The Health Savings Account model upon which the “Healthy Ohio Plan” is based is inappropriate, because savings are premised on reduced use of health care services. The health care problem of many poor people is underuse of medical services. The conservative Rand Corporation, reviewing studies on the effect of high deductible health plans coupled with Health Savings Accounts, concluded: “While evidence suggests that the health of the overall population may not change with increased cost sharing, the health of individuals with low income and greater health care needs may decline.”
Incentive points that allow increased access to health care are given for certain activities. These features could discriminate against low-income families:
Thank you for allowing me to testify on this proposal. I am happy to answer any questions that you may have.
 Christpher T. Robertson et. Al., “Get Sick, Get Out: The Medical Causes of Home Mortgage Foreclosures” Health Matrix: Journal of Law-Medicine, Vol. 18, No. 65, 2008
 Ohio Department of Medicaid, “Healthy Ohio Program 1115 Demonstration Waiver,” (Appendix 1) at http://medicaid.ohio.gov/Portals/0/Resources/PublicNotices/HealthyOhio-Detail.pd
 Office of the Assistant Secretary for Planning and Evaluation, “Financial Condition and Health Care Burdens of People in Deep Poverty,” United States Department of Health and Human Services, July 16, 2015
Robert H. Brook et.al., “The Health Insurance Experiment: A Classic RAND Study Speaks to the Current Health Care Reform Debate,” http://www.rand.org/pubs/research_briefs/RB9174.html
 Laura Dague, “The effect of Medicaid premiums on enrollment: A regression discontinuity approach,” Journal of Health Economics 37 (2014) 1-12.
 Randall D. Cebul, Thomas E. Love, Douglas Einstadter, Alice S. Petrulis and John R. Corlett, “MetroHealth Care Plus: Effects Of A Prepared Safety Net On Quality Of Care In A Medicaid Expansion Population,”.Health Affairs, July 2015 vol. 34 no. 7 1121-1130 at http://content.healthaffairs.org/content/34/7/1121.abstract
 The World Health Organization, “Chronic Disease and Health Promotion, Chapter two – Chronic Diseases and Poverty” at http://www.who.int/chp/chronic_disease_report/part2_ch2/en/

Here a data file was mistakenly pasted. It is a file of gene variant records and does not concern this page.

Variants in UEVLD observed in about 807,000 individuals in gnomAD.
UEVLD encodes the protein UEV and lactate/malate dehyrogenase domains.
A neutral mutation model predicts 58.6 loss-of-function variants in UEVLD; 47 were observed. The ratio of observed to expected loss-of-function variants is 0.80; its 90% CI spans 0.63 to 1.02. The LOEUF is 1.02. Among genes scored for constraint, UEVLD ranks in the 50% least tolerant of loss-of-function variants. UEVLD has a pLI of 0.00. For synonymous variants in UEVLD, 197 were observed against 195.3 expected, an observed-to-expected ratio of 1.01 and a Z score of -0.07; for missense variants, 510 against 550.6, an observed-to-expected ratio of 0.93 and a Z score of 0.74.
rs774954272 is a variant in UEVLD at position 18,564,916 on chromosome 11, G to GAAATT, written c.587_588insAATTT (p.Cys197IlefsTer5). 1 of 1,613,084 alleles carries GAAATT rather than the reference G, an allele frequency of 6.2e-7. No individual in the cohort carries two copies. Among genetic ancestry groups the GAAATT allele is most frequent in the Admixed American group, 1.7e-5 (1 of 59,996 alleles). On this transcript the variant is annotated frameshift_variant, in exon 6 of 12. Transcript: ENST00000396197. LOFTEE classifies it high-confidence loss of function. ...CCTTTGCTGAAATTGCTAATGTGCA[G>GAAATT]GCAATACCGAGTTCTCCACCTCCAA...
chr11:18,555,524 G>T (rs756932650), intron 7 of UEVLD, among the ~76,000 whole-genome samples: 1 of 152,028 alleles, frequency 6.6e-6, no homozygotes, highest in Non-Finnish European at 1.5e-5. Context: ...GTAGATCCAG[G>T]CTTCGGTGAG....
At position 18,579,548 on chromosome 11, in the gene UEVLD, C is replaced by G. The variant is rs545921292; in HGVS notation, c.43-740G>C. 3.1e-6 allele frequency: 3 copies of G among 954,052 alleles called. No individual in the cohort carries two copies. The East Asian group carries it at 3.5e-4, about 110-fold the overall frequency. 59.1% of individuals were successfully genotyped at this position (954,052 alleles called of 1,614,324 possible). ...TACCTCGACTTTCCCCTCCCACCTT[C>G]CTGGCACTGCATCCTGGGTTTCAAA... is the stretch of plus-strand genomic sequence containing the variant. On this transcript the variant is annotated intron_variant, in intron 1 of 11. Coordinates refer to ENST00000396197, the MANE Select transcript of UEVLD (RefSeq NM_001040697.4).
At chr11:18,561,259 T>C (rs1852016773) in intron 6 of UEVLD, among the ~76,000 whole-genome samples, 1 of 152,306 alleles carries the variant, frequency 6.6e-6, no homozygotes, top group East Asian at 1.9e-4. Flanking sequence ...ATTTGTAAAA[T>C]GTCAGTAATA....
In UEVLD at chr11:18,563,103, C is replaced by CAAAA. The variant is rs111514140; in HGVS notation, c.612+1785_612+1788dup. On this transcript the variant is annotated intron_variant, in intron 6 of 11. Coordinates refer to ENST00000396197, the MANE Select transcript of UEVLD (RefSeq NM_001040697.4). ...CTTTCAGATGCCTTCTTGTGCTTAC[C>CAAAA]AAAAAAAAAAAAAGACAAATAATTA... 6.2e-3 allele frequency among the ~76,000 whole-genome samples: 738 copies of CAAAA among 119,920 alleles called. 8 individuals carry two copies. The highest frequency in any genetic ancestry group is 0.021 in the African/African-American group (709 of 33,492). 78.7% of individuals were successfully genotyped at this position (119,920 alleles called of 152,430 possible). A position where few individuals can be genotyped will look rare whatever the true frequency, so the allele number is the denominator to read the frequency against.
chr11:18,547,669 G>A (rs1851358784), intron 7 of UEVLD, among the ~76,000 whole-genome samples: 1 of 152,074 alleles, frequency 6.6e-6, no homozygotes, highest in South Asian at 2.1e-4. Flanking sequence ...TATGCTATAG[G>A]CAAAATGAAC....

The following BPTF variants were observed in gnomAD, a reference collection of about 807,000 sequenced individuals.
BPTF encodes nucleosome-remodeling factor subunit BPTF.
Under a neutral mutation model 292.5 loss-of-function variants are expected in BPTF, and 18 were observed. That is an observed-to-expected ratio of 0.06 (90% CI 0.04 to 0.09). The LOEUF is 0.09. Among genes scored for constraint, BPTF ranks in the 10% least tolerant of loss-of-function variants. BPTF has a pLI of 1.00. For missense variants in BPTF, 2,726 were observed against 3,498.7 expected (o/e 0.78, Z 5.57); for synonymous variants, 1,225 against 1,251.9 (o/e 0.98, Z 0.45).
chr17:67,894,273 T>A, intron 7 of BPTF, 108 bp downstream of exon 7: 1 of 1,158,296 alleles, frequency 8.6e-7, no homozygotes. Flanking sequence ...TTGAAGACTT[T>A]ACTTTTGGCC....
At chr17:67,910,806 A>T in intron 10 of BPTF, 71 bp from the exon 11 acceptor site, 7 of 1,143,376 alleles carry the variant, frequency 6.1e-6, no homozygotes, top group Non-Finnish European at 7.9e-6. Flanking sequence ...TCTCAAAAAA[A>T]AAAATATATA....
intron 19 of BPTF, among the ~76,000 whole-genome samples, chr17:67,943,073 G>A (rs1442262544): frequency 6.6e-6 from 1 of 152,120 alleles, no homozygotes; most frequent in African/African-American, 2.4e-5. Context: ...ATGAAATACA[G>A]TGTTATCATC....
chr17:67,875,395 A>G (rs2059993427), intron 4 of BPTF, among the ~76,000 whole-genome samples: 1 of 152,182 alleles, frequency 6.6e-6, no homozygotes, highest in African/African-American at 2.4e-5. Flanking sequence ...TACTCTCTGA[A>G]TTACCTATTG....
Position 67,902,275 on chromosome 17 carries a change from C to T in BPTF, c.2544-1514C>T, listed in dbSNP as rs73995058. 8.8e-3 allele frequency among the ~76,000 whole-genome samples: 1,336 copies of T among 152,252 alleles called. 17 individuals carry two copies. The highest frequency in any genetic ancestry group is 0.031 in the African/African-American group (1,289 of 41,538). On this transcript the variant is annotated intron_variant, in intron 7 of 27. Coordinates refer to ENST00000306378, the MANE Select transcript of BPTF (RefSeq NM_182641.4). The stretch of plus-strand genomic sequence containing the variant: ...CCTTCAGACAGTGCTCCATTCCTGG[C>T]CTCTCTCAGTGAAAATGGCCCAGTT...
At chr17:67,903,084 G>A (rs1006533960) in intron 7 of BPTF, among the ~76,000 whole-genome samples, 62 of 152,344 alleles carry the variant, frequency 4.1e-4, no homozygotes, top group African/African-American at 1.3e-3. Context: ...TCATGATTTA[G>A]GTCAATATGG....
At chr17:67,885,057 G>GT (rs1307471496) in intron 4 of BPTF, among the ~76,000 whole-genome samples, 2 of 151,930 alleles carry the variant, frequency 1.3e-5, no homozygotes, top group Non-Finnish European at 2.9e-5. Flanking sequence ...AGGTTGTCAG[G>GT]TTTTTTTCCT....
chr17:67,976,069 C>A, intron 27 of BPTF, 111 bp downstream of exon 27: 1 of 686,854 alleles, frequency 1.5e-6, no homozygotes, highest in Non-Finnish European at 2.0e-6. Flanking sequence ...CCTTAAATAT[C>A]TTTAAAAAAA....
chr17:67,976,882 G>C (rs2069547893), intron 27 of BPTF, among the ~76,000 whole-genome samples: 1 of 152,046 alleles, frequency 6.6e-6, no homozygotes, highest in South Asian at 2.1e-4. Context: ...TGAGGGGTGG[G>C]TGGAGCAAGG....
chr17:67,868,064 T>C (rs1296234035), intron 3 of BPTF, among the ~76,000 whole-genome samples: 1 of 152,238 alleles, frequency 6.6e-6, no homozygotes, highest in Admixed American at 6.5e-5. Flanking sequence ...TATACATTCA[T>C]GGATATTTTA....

“The Role of Medicaid for adults with chronic illnesses,” Kaiser Family Foundation, November 2012 at https://kaiserfamilyfoundation.files.wordpress.com/2013/01/8383.pdf
 Americans are much more likely than their counterparts in other countries to say they did not visit a physician, fill a prescription, or get a recommended test, treatment, or follow-up care because of costs. In a comparison among developed nations, disparities in care between people in above-average and below-average income groups were greatest in the United States. Karen Davis, Cathy Schoen, Stephen C. Schoenbaum, Anne-Marie Audet, Michelle Doty, and Katie Tenney, Mirror Mirror on the Wall: The Quality of American Health Care Through the Patients’ Lens, The Commonwealth Fund, October 2003.
 “Analysis of High Deductible Health Plans,” RAND corporation at http://www.rand.org/pubs/technical_reports/TR562z4/analysis-of-high-deductible-health-plans.html#health
 Federal Deposit Insurance Corporation, 2013 National Survey of Unbanked and Under-banked Households at https://www.fdic.gov/householdsurvey/
 Corporation for Enterprise Development, https://cfed.org/assets/pdfs/Most_Unbanked_Places_in_America.pdf
 Workgroup to reduce reliance on public assistance: Report to Governor John Kasich and the Ohio general Assembly, April 15, 2015 at http://humanservices.ohio.gov/WorkArea/DownloadAsset.aspx?id=2147636202
 Kaiser Family Foundation issue brief (https://kaiserfamilyfoundation.files.wordpress.com/2014/09/8631-an-overview- of-medicaid-incentives-for-the-prevention-of-chronic-diseases-mipcd-grants.pdf); see also Judith Solomon, West Virginia’s Medicaid Changes Unlikely to Reduce State Costs or Improve Beneficiaries’ Health (Washington, DC: Center on Budget and Policy Priorities, May 2006) http://www.cbpp.org/cms/?fa=view&id=336. Also see Wisconsin Department of Health Services. “Do Incentives Work for Medicaid Members? A Study of Six Pilot Projects.” May 2013. Available at: http://www.dhs.wisconsin.gov/publications/p0/p00499.pdf.